Chapter 18 - An Introduction to Chemistry: Nuclear Chemistry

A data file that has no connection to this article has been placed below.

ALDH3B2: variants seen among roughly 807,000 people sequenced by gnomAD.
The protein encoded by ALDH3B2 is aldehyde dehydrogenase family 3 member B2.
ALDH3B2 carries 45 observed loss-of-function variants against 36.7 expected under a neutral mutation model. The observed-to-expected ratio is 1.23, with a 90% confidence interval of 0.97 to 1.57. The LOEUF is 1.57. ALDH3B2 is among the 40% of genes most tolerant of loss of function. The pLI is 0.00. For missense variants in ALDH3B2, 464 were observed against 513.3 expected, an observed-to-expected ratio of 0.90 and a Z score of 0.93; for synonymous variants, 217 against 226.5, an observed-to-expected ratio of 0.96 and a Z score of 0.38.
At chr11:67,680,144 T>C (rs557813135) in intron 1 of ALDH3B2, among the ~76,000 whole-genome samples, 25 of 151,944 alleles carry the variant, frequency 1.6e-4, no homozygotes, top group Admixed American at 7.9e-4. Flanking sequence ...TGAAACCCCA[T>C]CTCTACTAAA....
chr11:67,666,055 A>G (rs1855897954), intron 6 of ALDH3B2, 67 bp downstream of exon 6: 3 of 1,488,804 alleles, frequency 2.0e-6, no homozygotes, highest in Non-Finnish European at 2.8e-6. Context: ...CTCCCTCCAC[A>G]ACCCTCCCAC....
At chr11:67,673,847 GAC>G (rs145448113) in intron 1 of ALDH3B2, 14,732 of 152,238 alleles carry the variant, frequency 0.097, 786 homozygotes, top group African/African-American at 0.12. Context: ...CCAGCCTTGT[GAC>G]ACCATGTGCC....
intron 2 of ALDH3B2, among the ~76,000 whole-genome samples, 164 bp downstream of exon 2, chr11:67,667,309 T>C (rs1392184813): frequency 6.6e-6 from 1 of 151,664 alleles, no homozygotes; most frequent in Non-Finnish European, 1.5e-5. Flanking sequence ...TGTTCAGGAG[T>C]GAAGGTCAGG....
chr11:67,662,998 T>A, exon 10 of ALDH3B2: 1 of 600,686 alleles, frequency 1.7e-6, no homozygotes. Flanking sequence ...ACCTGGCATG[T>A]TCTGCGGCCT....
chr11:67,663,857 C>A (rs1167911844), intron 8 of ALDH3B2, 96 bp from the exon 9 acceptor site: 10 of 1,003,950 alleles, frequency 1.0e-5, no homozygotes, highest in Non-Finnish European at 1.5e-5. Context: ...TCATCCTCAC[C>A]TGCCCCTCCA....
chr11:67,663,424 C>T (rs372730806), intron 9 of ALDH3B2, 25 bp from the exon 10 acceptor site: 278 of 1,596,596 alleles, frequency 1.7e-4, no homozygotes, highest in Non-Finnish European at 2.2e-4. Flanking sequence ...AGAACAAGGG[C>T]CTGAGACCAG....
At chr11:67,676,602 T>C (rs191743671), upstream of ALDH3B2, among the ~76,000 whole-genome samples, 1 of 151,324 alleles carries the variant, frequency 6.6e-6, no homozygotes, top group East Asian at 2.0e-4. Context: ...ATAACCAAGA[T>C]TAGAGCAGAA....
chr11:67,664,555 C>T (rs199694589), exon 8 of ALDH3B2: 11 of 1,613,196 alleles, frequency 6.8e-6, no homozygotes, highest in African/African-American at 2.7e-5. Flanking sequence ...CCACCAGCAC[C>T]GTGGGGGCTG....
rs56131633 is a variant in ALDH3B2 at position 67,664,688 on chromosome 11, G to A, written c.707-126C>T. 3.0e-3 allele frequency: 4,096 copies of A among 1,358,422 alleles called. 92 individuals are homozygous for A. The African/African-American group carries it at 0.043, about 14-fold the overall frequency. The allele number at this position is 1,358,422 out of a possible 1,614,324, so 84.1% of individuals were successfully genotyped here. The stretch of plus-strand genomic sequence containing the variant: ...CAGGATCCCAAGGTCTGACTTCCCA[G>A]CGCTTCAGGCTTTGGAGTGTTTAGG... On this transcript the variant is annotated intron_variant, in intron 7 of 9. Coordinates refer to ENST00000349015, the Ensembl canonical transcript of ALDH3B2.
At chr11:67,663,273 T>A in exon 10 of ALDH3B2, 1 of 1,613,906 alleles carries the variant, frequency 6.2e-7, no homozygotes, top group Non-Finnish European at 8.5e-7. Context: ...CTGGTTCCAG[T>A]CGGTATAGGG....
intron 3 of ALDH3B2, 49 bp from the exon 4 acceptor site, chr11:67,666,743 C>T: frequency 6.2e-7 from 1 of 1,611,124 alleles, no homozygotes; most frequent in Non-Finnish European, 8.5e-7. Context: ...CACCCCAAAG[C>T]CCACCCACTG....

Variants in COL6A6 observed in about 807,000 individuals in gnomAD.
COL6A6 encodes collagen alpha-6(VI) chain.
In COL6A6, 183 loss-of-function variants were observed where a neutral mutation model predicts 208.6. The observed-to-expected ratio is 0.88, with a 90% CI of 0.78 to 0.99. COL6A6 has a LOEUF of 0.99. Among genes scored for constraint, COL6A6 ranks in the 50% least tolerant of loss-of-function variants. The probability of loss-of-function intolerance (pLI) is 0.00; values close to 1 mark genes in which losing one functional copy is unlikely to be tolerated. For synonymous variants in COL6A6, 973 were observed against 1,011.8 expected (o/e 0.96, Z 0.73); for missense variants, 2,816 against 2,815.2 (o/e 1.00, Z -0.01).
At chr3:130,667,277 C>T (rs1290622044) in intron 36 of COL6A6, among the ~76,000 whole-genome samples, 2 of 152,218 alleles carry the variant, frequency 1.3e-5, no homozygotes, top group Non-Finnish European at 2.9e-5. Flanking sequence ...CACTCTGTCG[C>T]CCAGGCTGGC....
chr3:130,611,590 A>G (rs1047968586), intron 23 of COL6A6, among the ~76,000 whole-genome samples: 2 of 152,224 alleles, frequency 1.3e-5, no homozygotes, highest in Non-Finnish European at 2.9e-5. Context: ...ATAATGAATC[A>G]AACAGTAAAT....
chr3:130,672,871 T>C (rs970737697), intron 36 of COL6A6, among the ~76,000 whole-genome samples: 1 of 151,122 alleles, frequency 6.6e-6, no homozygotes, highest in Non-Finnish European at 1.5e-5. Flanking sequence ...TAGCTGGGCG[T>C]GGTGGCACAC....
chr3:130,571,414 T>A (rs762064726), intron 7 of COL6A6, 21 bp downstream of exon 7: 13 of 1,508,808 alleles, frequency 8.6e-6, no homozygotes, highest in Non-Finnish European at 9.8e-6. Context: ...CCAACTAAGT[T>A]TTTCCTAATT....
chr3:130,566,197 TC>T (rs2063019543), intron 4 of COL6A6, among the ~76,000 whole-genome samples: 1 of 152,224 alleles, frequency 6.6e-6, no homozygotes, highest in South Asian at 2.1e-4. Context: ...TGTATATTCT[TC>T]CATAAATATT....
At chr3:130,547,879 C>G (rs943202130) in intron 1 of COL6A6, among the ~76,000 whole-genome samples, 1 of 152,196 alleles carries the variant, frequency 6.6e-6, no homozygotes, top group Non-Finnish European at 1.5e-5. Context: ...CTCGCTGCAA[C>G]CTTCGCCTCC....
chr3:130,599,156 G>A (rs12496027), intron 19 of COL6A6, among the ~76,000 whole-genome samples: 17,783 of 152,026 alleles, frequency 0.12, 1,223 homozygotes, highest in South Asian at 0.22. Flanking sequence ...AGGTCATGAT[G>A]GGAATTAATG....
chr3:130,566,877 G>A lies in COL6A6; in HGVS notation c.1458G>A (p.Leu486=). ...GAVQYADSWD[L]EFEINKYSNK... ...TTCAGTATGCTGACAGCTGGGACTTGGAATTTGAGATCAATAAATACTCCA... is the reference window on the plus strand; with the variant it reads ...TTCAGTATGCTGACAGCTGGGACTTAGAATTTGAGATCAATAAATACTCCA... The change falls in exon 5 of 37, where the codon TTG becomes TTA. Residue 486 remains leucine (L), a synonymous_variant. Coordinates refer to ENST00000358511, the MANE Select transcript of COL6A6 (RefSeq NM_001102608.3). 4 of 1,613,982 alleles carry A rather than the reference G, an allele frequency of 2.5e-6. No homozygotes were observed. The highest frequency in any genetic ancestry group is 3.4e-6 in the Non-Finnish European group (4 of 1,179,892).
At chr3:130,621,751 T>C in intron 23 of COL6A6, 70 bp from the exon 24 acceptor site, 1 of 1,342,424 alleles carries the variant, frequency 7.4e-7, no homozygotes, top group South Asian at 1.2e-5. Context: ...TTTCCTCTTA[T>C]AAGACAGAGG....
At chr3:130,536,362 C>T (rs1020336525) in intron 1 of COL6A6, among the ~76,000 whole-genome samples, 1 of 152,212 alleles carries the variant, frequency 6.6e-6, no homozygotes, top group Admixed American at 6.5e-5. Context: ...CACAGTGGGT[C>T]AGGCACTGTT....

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<ul><li><p>Chapter 16NuClear Chemistry</p><p>691</p><p>tan is going to visit his son Fred at the radiology department of a local research hospital, where Fred has been recording the brain activity of kids with learning differences and comparing it to the brain activity of kids who excel in normal </p><p>school environments. To pursue this research, Fred uses imaging technology developed through the science of nuclear chemistry, the study of changes that occur within the nuclei of atoms. But even before getting into his car to go see Fred, Stan is already surrounded by substances undergoing nuclear reactions. In fact, nuclear reactions accompany Stan wherever he goes. He has strontium-90 in his bones and iodine-131 in his thyroid, and both substances are constantly undergoing nuclear reactions of a type known as beta emission. Stan is not unique in this respect. All of our bodies contain these substances and others like them. </p><p>Stan is surrounded by nuclear changes that take place outside his body, as well. The soil under his house contains a small amount of uranium-238, which undergoes a type of nuclear reaction called alpha emission. A series of changes in the nucleus of the uranium-238 leads to an even smaller amount of radon-222, which is a gas that he inhales in every breath he takes at home. Subsequently, radon-222 undergoes a nuclear reaction very similar to the reaction for uranium-238. </p><p>On Stans way to the hospital, he passes a nuclear power plant that generates electricity for the homes and businesses in his city by means of yet another kind of nuclear reaction. When Stan gets to the hospital, Fred shows him the equipment he is using in his research. It is a positron emission tomography (PET) machine that allows Fred to generate images showing which parts of a childs brain are being used when the child does certain tasks. Positron emission is another type of nuclear change described in this chapter. </p><p>There are good reasons why, in the preceding fifteen chapters, our exploration of chemistry has focused largely on the behavior of electrons. Chemistry is the study of the structure and behavior of matter, and most of our understanding of such phenomena comes from studying the gain, loss, and sharing of electrons. At the same time, however, we have neglected the properties of the nuclei of atoms and the changes that some nuclei can undergo. In this chapter, we turn our attention toward the center of the atom to learn what is meant by nuclear stability and to understand the various kinds of nuclear reactions.</p><p>16.1 The Nucleus and Radioactivity</p><p>16.2 Uses of Radioactive Substances</p><p>16.3 Nuclear Energy</p><p>PET scans and MRI scans (like the one above) use changes in the nuclei of atoms to create an image of the soft tissues of the body.</p></li><li><p>692 Chapter 16 Nuclear Chemistry</p><p> 16.1 The Nucleus and RadioactivityOur journey into the center of the atom begins with a brief review. You learned in Chapter 3 that the protons and neutrons in each atom are found in a tiny, central nucleus that measures about 1/100,000 the diameter of the atom itself. You also learned that the atoms of each element are not necessarily identical; they can differ with respect to the number of neutrons in their nuclei. When an element has two or more species of atoms, each with the same number of protons but a different number of neutrons, the different species are called isotopes. Different isotopes of the same element have the same atomic number, but they have a different mass number, which is the sum of the numbers of protons and neutrons in the nucleus. In the context of nuclear science, protons and neutrons are called nucleons, because they reside in the nucleus. The atoms mass number is often called the nucleon number, and a particular type of nucleus, characterized by a specific atomic number and nucleon number, is called a nuclide. Nuclides are represented in chemical notation by a subscript atomic number (Z) and superscript nucleon number (A) on the left side of the elements symbol (X): </p><p>XZA</p><p>Atomic number</p><p>Mass number (nucleon number)</p><p>Element symbol</p><p>For example, the most abundant nuclide of uranium has 92 protons and 146 </p><p> Describe the nuclear model of the atom, including the general location of the protons, neutrons, and electrons, the relative size of the nucleus compared to the size of the atom, and the modern description of the electron. (Section 3.4)</p><p> Write the definitions for isotope, atomic number, and mass number. (Chapter 3 Glossary)</p><p> Write or identify a description of the Law of Conservation of Energy. (Section 4.1) </p><p> Describe the relationship between stability, capacity to do work, and potential energy. (Section 4.1)</p><p> Write a brief description of radiant energy in terms of its particle and wave nature. (Section 4.1) </p><p> Write or identify the relative energies and wavelengths of the following forms of radiant energy: gamma rays, X rays, ultraviolet (UV) rays, visible light, infrared (IR) rays, microwaves, and radio waves. (Section 4.1) </p><p> Write the definitions for energy, kinetic energy, potential energy, excited state and ground state. (Chapter 4 Glossary)</p><p>Review SkillsThe presentation of information in this chapter assumes that you can already perform the tasks listed below. You can test your readiness to proceed by answering the Review Questions at the end of the chapter. This might also be a good time to read the Chapter Objectives, which precede the Review Questions.</p><p>ObjeCtive 2</p></li><li><p>16.1 The Nucleus and Radioactivity 693</p><p>ObjeCtive 3ObjeCtive 4</p><p>neutrons, so its atomic number is 92, its nucleon number is 238 (92 + 146), and its symbol is U23892 . Often, the atomic number is left off of the symbol. Nuclides can also be described with the name of the element followed by the nucleon number. Therefore, </p><p>U23892 is commonly described as 238U or uranium-238. Examples 16.1 and 16.2 provide practice in writing and interpreting nuclide symbols. </p><p>ObjeCtive 3ObjeCtive 2</p><p>ObjeCtive 4</p><p>ObjeCtive 3ObjeCtive 2</p><p>ObjeCtive 4</p><p>ObjeCtive 3ObjeCtive 2</p><p>ObjeCtive 4</p><p>ObjeCtive 3ObjeCtive 2</p><p>ObjeCtive 4</p><p> exerCise 16.1 - Nuclide Symbols </p><p>One of the nuclides used in radiation therapy for the treatment of cancer has 39 protons and 51 neutrons. Write its nuclide symbol in the form of XAZ . Write two other ways to represent this nuclide.</p><p> example 16.1 - Nuclide Symbols</p><p>A nuclide that has 26 protons and 33 neutrons is used to study blood chemistry. Write its nuclide symbol in the form of XAZ . Write two other ways to represent this nuclide.</p><p>Solution</p><p>Because this nuclide has 26 protons, its atomic number, Z, is 26, identifying the element as iron, Fe. This nuclide of iron has 59 total nucleons (26 protons + 33 neutrons), so its nucleon number, A, is 59. </p><p>26Fe or 59Fe or iron-5959</p><p> exerCise 16.2 - Nuclide Symbols </p><p>A nuclide with the symbol 201Tl can be used to assess a patients heart in a stress test. What is its atomic number and mass number? How many protons and how many neutrons are in the nucleus of each atom? Write two other ways to represent this nuclide.</p><p> example 16.2 - Nuclide Symbols</p><p>Physicians can assess a patients lung function with the help of krypton-81. What is this nuclides atomic number and mass number? How many protons and how many neutrons are in the nucleus of each atom? Write two other ways to represent this nuclide.</p><p>SolutionThe periodic table shows us that the atomic number for krypton is 36, so each krypton atom has 36 protons. The number following the element name in krypton-81 is this nuclides mass number. The difference between the mass number (the sum of the numbers of protons and neutrons) and the atomic number (the number of protons) is equal to the number of neutrons, so krypton-81 has 45 neutrons (81 - 36).</p><p>atomic number = 36; mass number = 81; 36 protons and 45 neutrons</p><p>36Kr 81Kr81</p></li><li><p>Nuclear Stability</p><p>Two forces act upon the particles within the nucleus to produce the nuclear structure. One, called the electrostatic force (or electromagnetic force), is the force that causes opposite electrical charges to attract each other and like charges to repel each other. The positively charged protons in the nucleus of an atom have an electrostatic force pushing them apart. The other force within the nucleus, called the strong force, holds nucleons (protons and neutrons) together. </p><p>If one proton were to encounter another, the electrostatic force pushing them apart would be greater than the strong force pulling them together, and the two protons would fly in separate directions. Therefore, nuclei that contain more than one proton and no neutrons do not exist. Neutrons can be described as the nuclear glue that allows protons to stay together in the nucleus. Because neutrons are uncharged, there are no electrostatic repulsions between them and other particles. At the same time, each neutron in the nucleus of an atom is attracted to other neutrons and to protons by the strong force. Therefore, adding neutrons to a nucleus increases the attractive forces holding the particles of the nucleus together without increasing the amount of repulsion between those particles. As a result, although a nucleus that consists of only two protons is unstable, a helium nucleus that consists of two protons and two neutrons is very stable. The increased stability is reflected in the significant amount of energy released when two protons and two neutrons combine to form a helium nucleus.</p><p>694 Chapter 16 Nuclear Chemistry</p><p>+ +++ Energy </p><p>2He2+ 4 p + p + n + n</p><p> For many of the lighter elements, the possession of an equal number of protons and neutrons leads to stable atoms. For example, carbon-12 atoms, 6C12 , with six protons and six neutrons, and oxygen-16 atoms, 8O16 , with eight protons and eight neutrons, are both very stable. Larger atoms with more protons in their nuclei require a higher ratio of neutrons to protons to balance the increased electrostatic repulsion between protons. Table 16.1 shows the steady increase in the neutron-to-proton ratios of the most abundant isotopes of the elements in group 15 on the periodic table.</p><p>Table 16.1Neutron-to-Proton Ratio for the Most Abundant Isotopes of the Group 15 Elements</p><p>Element Number of neutrons Number of protons Neutron-to-proton ratio</p><p>nitrogen, N 7 7 1 to 1phosphorus, P 16 15 1.07 to 1arsenic, As 42 33 1.27 to 1antimony, Sb 70 51 1.37 to 1bismuth, Bi 126 83 1.52 to 1</p><p>ObjeCtive 5</p><p>ObjeCtive 5</p><p>ObjeCtive 5</p></li><li><p>16.1 The Nucleus and Radioactivity 695</p><p>Figure 16.1The Band of Stability</p><p>There are 264 stable nuclides found in nature. The graph in Figure 16.1 shows the neutron-to-proton ratios of these stable nuclides. Collectively, these nuclides fall within what is known as the band of stability. </p><p>20</p><p>40</p><p>60</p><p>80</p><p>100</p><p>120</p><p>140</p><p>160</p><p>180</p><p>200</p><p>220</p><p>Num</p><p>ber o</p><p>f neu</p><p>trons</p><p>Number of protons0 10 20 30 40 50 60 70 80 90 100 110 120</p><p>One to oneneutron to proton ratio</p><p>Band of stability</p><p>Island of stability</p><p>A nuclide containing numbers of protons and neutrons that place it outside this band of stability will be unstable until it undergoes one or more nuclear reactions that take it into the band of stability. We call these unstable atoms radioactive nuclides, and the changes they undergo to reach stability are called radioactive decay. Note that the band of stability stops at 83 protons. All of the known nuclides with more than 83 protons are radioactive, but scientists have postulated that there should be a small island of stability around the point representing 114 protons and 184 neutrons. The relative stability of the heaviest atoms that have so far been synthesized in the laboratory suggests that this is true. (See Special Topic 3.1: Why Create New Elements.).</p></li><li><p>696 Chapter 16 Nuclear Chemistry</p><p>Types of Radioactive Emissions</p><p>One of the ways that nuclides with more than 83 protons change to reach the band of stability is to release two protons and two neutrons in the form of a helium nucleus, which in this context is called an alpha particle. Natural uranium, which is found in many rock formations on earth, has three isotopes that all experience alpha emission, the release of alpha particles. The isotope composition of natural uranium is 99.27% uranium-238, 0.72% uranium-235, and a trace of uranium-234. The nuclear equation for the alpha emission of uranium-238, the most abundant isotope, is</p><p>Two protons and two neutrons lost </p><p>e protons and neutrons leave as an alpha particle. </p><p>+ Energy </p><p>92U 238 </p><p>90 234 </p><p>2He 4+</p><p>In nuclear equations for alpha emission, the alpha particle is written as either a or 2He4 . Note that in alpha emission, the radioactive nuclide changes into a different element, with an atomic number that is lower by 2 and a mass number that is lower by 4. </p><p>Some radioactive nuclides have a neutron-to-proton ratio that is too high, placing them above the band of stability. To reach a more stable state they undergo beta emission (b-). In this process, a neutron becomes a proton and an electron. The proton stays in the nucleus, and the electron, which is called a beta particle in this context, is ejected from the atom. </p><p>n p + e-</p><p>In nuclear equations for beta emission, the electron is written as either b, b-, or 1e0 . Iodine-131, which has several medical uses, including the measurement of iodine uptake by the thyroid, is a beta emitter:</p><p>e</p><p>A neutron becomes a proton (which stays in the nucleus) and an electron (which is ejected from the atom). </p><p>+</p><p>53I 131 </p><p>54Xe 131 </p><p>1e0 +</p><p>Energy</p><p>Note that in beta emission, the radioactive nuclide changes into a different element, with an atomic number that is higher by 1 but the same mass number.</p><p>ObjeCtive 6</p><p>ObjeCtive 7</p><p>ObjeCtive 8ObjeCtive 6</p><p>ObjeCtive 7</p></li><li><p>16.1 The Nucleus and Radioactivity 697</p><p>If a radioactive nuclide has a neutron-to-proton ratio that is too low, placing it below the band of stability, it can move toward stability in one of two ways, positron emission or electron capture. Positron emission (b+) is similar to beta emission, but in this case, a proton becomes a neutron and an anti-matter electron, or anti-electron.1 The latter is also called a positron because, although it resembles an electron in most ways, it has a positive charge. The neutron stays in the nucleus, and the positron speeds out of the nucleus at high velocity. </p><p>p n + e+</p><p>In nuclear equations for positron emission, the electron is written as either b+, +1e0 , or 1e0 . Potassium-40, which is important in geologic dating, undergoes positron emission: </p><p>e+</p><p>A proton becomes a neutron (which stays in the nucleus) and a positron (which is ejected from the atom). </p><p>+</p><p>19K 40 </p><p>18Ar 40 </p><p>+1e0 +</p><p>Energy</p><p>Note that in positron emission, the radioactive nuclide changes into a different element, with an atomic number that is lower by 1 but the same mass number.</p><p>The second way that an atom with an excessively low neutron-to-proton ratio can reach a more stable state is for a proton in its nucleus to capture one of the atoms electrons. In this proce...</p></li></ul>